Fuel company Viva Energy has reported a strong full-year operating profit, filings with the corporate watchdog show, as its Dutch owner, Vitol investigates a $2 billion-plus float of the business.
The Dutch trading giant bought Shell’s Geelong refinery, fuels marketing and petrol station business in 2014 and renamed it Viva. Viva and its bankers are now testing market interest for a float of the business in which half of it could be sold to investors.
Last year, Viva’s gross profit rose 23 per cent to $1.75bn on the back of a 16 per cent boost in revenue to $9.52bn, according to accounts filed last week with the Australian Securities & Investments Commission.
Viva gave no commentary with the profits but the growth appears to have been made on a mix of strong refining margins and increased sales volumes in the wake of what has been revealed to be a $652 million acquisition of Shell’s Australian aviation business last year.
Viva’s full-year net profit was $289.7m, down from $1.22bn in 2016. In 2016, what would otherwise have been a net loss was bolstered by a $1.38bn gain on the float of the Viva Energy Real Estate Investment Trust.
The new float plan for the remaining business comes after a stabilisation in the nation’s refining sector, which fell from seven refineries to four between 2012 and 2015, and which has returned to profit amid strong Asian refining margins and a lower Australian dollar in recent years.
IBISWorld analysts say that while refining revenues are expected to grow gradually over the next few years, pressure from giant new refineries in Asia remain.
The main appeal for Viva and other fuel businesses is the chance to import refined fuel.
“The fuel import terminals are where the real opportunities are,” IBISWorld senior analyst Jason Aravanis said.
“We are seeing refining, in the long term in Australia, on the way out, so the real appeal in Viva’s proposed IPO is coming from the import terminals.”
Mr Aravanis said the prospects for fuel retailing were mixed. Diesel demand was growing but demographic and demand changes were on the way.
These include increased apartment living, which would reduce car ownership, as well as longer term disruptive threats such as electric and self-driving cars that have spurred Caltex to overhaul its retail business in recent years.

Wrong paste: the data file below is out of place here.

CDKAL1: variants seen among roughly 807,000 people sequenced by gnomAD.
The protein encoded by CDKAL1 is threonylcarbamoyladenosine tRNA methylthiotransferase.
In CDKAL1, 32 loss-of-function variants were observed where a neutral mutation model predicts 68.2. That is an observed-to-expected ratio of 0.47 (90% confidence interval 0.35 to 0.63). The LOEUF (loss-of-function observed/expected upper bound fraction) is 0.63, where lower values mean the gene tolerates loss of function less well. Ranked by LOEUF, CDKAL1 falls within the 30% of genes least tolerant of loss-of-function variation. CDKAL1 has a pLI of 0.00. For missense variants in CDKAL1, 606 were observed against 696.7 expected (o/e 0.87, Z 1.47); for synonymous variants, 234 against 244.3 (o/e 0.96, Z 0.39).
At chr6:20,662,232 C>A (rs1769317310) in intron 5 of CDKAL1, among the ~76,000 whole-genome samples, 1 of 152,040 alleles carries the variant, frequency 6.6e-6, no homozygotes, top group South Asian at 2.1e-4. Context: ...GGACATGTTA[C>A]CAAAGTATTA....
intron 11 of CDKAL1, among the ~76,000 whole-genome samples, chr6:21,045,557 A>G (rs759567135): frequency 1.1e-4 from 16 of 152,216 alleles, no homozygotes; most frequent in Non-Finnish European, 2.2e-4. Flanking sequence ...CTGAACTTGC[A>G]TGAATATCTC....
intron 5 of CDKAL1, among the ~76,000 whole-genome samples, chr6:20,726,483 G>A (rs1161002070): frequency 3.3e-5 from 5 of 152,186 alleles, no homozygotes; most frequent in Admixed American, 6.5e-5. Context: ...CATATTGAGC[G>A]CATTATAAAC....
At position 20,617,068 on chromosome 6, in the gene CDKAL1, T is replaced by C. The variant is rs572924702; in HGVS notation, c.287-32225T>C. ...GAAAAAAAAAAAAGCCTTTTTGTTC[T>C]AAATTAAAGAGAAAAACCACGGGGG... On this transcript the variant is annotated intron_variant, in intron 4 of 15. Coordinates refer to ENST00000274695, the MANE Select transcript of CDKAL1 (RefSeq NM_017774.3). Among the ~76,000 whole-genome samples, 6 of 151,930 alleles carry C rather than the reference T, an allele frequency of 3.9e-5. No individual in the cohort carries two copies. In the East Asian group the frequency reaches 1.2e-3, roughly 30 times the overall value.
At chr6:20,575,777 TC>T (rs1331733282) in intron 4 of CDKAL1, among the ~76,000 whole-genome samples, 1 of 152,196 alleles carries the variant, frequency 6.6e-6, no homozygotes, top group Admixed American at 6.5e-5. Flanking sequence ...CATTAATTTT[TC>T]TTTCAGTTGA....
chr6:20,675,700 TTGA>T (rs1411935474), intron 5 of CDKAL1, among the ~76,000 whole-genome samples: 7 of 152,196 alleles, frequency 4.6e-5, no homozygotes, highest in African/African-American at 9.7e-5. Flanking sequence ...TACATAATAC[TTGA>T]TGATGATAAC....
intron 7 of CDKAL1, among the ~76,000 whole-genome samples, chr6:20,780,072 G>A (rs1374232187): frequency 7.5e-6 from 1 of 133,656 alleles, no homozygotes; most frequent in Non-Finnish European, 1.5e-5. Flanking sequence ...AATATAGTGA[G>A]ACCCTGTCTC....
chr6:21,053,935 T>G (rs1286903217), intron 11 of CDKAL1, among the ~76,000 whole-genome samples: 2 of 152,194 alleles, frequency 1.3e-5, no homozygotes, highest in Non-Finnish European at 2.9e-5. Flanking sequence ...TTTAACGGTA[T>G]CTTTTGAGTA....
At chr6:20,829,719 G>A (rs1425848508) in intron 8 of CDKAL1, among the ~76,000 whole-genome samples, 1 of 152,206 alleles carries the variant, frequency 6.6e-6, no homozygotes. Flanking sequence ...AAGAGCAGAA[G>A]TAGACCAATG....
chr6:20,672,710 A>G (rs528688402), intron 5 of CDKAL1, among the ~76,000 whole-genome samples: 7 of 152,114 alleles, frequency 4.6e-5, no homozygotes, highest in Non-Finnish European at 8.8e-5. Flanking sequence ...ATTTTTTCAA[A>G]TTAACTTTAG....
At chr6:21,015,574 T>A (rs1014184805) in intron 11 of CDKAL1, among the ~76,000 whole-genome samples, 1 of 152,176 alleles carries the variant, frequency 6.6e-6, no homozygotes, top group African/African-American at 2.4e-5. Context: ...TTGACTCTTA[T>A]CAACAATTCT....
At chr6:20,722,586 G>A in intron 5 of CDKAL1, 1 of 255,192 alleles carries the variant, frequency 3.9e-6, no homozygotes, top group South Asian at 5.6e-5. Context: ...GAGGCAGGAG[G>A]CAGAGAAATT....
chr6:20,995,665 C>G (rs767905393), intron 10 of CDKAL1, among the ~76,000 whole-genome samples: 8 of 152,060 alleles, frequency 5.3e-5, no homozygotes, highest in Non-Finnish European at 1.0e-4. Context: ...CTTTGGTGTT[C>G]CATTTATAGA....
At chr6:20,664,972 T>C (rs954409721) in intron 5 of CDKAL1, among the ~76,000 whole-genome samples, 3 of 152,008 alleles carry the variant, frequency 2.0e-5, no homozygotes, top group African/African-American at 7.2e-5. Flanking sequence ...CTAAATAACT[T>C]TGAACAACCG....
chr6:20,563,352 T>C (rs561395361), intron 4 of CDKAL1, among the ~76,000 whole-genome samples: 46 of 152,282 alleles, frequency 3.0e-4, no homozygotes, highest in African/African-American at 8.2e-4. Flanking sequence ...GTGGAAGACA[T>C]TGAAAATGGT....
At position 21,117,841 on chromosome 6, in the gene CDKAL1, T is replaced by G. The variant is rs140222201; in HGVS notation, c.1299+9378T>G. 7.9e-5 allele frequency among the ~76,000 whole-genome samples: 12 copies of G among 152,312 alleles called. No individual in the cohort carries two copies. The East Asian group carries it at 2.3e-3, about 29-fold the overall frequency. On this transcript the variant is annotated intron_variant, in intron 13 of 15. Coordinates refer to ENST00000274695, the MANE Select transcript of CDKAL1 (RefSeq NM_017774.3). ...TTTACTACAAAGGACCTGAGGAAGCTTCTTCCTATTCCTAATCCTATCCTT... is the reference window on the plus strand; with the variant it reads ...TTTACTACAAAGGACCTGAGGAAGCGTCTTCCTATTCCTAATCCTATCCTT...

Viva has not confirmed the float plan, which was revealed by The Australian in March.
But on a non-deal roadshow in March, investors were told that about half the business could be sold in an IPO and that growth could occur through acquisitions.
The roadshow said Viva made $650m of earnings before interest, tax, depreciation and amortisation, according to The Australian’s DataRoom column.
Viva’s latest accounts show the company has total non-current assets (which do not include inventories and trade receivables) of $2.439bn. It has $44m of debt and $2.23bn of net assets.
The float, if it goes ahead, is one of the biggest initial public offerings mooted for this year and comes amid a flurry of planned deals and spin-offs in the sector.
In the past couple of years, Viva has spun off its real estate assets (in a move now being considered by its listed rival Caltex); BP has agreed to buy Woolworths’ petrol stations in a $1.8bn deal being contested by the competition watchdog; and Chevron exited its long-held 50 per cent stake in Caltex through a sale of shares to institutions.
Vitol itself, which owns Viva as part of an opaque consortium that includes Middle East sovereign wealth interests, has been flagging selldowns, and for the first time public listings of other fuels businesses it has around the world.
The Geelong refinery appeared set for closure when Viva bought it and Shell’s fuels selling businesses in 2014, surprising the market by keeping Geelong open.
The refinery is now profitable.
The 2017 accounts show it logged a 30 per cent jump in earnings before interest, tax, depreciation and amortisation to $469m. The retail, fuels and marketing unit, which grew through the Shell aviation acquisition, reported a 12 per cent jump in EBITDA to $882m.
Total EBIDTA was $586m because of a $558m of corporate and overhead charges.
The headline price for the Shell Aviation purchase was $US250m when it was announced in late 2016.
But when working capital, plant and equipment, intangibles and deferred tax liabilities are included, the price came to $652m, Viva’s accounts say.
Extracted from The Australian.